As a subject, History provides students with regular opportunities to make links between their learning across different subjects. History allows students to connect their learning about the past with developments and events in the present day, whilst the range of topics covered allows students to take in economic, social, political and religious history across a vast time period, going from the ancient Romans and Greeks up to the present day. Students study a combination of British and wider world History, ensuring that a range of experiences are covered. In terms of developing core skills, History students will regularly utilise and hone their analytical and evaluative skills, through exploring different interpretations of the past and building their contextual knowledge to reach their own judgements and conclusions. Students also regularly complete longer pieces of writing, giving them opportunities to develop essay-writing skills and develop their use of subject specific key terms, whilst also practicing their general spelling, grammar and punctuation.
How does this subject promote creativity, critical thinking, practice, perseverance and resilience, and making links?
History at KTS includes a range of activities aimed at getting students to utilise their creativity to help them to learn a vast amount of contextual knowledge; students are regularly given a choice of how to complete tasks and record notes, allowing them to create their own resources, whilst students are regularly given opportunities to work collaboratively and create responses as a group. Critical thinking is integral to GCSE History and analytical and evaluative skills are central to answering the exam questions fully. In terms of resilience, students are routinely expected to complete difficult tasks and all students are encouraged to be aspirational and ambitious. As we cover such a huge range of history, from the ancient period to the modern day, students are regularly required to make links between different developments and time periods; for example, when studying Elizabethan England and the technological advances, students make links with their study of Health and the People c. 1000-Present Day.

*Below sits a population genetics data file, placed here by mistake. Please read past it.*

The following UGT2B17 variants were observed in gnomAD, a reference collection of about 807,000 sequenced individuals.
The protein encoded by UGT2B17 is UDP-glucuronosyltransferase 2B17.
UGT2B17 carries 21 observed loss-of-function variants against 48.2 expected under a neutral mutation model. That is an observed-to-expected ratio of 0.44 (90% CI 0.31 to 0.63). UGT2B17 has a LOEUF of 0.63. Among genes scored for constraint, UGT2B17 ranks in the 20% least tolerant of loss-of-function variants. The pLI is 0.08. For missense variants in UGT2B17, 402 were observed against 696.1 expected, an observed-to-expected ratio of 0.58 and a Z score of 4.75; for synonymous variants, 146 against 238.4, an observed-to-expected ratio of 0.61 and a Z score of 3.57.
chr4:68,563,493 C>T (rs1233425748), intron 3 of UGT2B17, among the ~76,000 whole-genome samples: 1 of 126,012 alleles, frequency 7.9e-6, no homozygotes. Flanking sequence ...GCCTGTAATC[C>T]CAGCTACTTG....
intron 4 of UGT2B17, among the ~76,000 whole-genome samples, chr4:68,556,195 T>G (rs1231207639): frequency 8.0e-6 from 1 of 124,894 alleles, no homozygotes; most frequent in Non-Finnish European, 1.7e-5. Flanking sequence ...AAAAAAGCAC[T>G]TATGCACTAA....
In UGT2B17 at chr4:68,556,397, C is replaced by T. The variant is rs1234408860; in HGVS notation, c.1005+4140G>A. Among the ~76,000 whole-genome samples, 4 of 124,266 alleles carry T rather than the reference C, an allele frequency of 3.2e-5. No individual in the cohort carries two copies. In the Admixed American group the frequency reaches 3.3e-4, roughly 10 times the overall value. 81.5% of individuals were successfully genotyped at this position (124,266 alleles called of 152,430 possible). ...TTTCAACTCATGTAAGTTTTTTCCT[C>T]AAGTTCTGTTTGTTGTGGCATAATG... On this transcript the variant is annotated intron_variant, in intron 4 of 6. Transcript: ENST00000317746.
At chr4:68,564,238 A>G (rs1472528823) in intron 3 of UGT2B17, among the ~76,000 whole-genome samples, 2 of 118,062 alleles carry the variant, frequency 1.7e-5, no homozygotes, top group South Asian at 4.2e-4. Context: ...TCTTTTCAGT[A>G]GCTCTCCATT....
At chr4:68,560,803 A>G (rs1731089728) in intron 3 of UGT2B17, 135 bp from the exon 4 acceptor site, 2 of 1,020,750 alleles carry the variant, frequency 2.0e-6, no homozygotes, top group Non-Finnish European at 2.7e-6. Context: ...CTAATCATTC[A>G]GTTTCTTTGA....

How does this subject encourage enrichment and the development of cultural capital, deep learning, and inclusivity?
Students cover a huge range of History as part of their GCSE, allowing them to explore a massive range of different topics and developments across a thousand years, allowing them to study a huge array of changes and developments over time. For example, students go from studying feminist movements in America in the 1960s to the discovery of what germs were in the 1860s. As part of GCSE History, students are able to dip into the social, religious, political, cultural and economic changes over time. Students also have the opportunity to take part in a trip to the Battlefields of Belgium and France, enriching their understanding of the Conflict and Tension 1918-1939 course. Whilst the trip is not directly relevant to any exam content, it does give students the chance to appreciate the scale of the damage and destruction caused by WW1 and why this made the major powers so desperate to avoid WW2, which is a central part of the Conflict and Tension course.